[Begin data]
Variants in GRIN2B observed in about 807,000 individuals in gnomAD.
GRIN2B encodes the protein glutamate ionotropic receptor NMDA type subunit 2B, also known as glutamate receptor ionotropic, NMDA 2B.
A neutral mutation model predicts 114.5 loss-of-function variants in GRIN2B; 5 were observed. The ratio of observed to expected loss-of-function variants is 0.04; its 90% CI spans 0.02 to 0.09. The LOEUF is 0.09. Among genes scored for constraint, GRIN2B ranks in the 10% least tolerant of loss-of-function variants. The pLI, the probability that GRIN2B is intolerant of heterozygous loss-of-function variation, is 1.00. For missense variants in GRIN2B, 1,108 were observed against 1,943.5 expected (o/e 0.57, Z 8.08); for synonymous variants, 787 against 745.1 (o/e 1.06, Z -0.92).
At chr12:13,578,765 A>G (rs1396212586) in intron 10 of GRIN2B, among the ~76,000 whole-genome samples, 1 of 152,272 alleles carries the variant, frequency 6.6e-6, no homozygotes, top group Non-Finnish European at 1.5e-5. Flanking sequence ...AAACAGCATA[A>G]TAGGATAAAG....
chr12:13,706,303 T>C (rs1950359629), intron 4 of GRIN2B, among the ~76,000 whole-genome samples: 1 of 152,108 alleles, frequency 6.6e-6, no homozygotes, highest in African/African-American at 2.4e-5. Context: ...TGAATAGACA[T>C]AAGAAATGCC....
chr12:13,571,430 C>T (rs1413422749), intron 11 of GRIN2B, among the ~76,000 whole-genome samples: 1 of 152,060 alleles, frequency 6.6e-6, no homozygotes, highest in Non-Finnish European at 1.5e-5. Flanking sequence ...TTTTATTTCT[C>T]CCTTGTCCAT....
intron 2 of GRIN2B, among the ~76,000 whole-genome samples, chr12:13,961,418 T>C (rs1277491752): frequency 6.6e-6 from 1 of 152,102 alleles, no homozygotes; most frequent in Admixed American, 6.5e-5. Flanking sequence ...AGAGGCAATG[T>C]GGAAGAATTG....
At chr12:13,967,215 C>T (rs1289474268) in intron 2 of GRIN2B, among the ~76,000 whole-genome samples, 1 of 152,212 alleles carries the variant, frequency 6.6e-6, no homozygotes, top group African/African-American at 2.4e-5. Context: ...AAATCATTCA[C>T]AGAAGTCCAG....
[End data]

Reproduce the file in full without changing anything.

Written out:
Variants in GRIN2B observed in about 807,000 individuals in gnomAD.
GRIN2B encodes the protein glutamate ionotropic receptor NMDA type subunit 2B, also known as glutamate receptor ionotropic, NMDA 2B.
A neutral mutation model predicts 114.5 loss-of-function variants in GRIN2B; 5 were observed. The ratio of observed to expected loss-of-function variants is 0.04; its 90% CI spans 0.02 to 0.09. The LOEUF is 0.09. Among genes scored for constraint, GRIN2B ranks in the 10% least tolerant of loss-of-function variants. The pLI, the probability that GRIN2B is intolerant of heterozygous loss-of-function variation, is 1.00. For missense variants in GRIN2B, 1,108 were observed against 1,943.5 expected (o/e 0.57, Z 8.08); for synonymous variants, 787 against 745.1 (o/e 1.06, Z -0.92).
At chr12:13,578,765 A>G (rs1396212586) in intron 10 of GRIN2B, among the ~76,000 whole-genome samples, 1 of 152,272 alleles carries the variant, frequency 6.6e-6, no homozygotes, top group Non-Finnish European at 1.5e-5. Flanking sequence ...AAACAGCATA[A>G]TAGGATAAAG....
chr12:13,706,303 T>C (rs1950359629), intron 4 of GRIN2B, among the ~76,000 whole-genome samples: 1 of 152,108 alleles, frequency 6.6e-6, no homozygotes, highest in African/African-American at 2.4e-5. Context: ...TGAATAGACA[T>C]AAGAAATGCC....
chr12:13,571,430 C>T (rs1413422749), intron 11 of GRIN2B, among the ~76,000 whole-genome samples: 1 of 152,060 alleles, frequency 6.6e-6, no homozygotes, highest in Non-Finnish European at 1.5e-5. Flanking sequence ...TTTTATTTCT[C>T]CCTTGTCCAT....
intron 2 of GRIN2B, among the ~76,000 whole-genome samples, chr12:13,961,418 T>C (rs1277491752): frequency 6.6e-6 from 1 of 152,102 alleles, no homozygotes; most frequent in Admixed American, 6.5e-5. Flanking sequence ...AGAGGCAATG[T>C]GGAAGAATTG....
At chr12:13,967,215 C>T (rs1289474268) in intron 2 of GRIN2B, among the ~76,000 whole-genome samples, 1 of 152,212 alleles carries the variant, frequency 6.6e-6, no homozygotes, top group African/African-American at 2.4e-5. Context: ...AAATCATTCA[C>T]AGAAGTCCAG....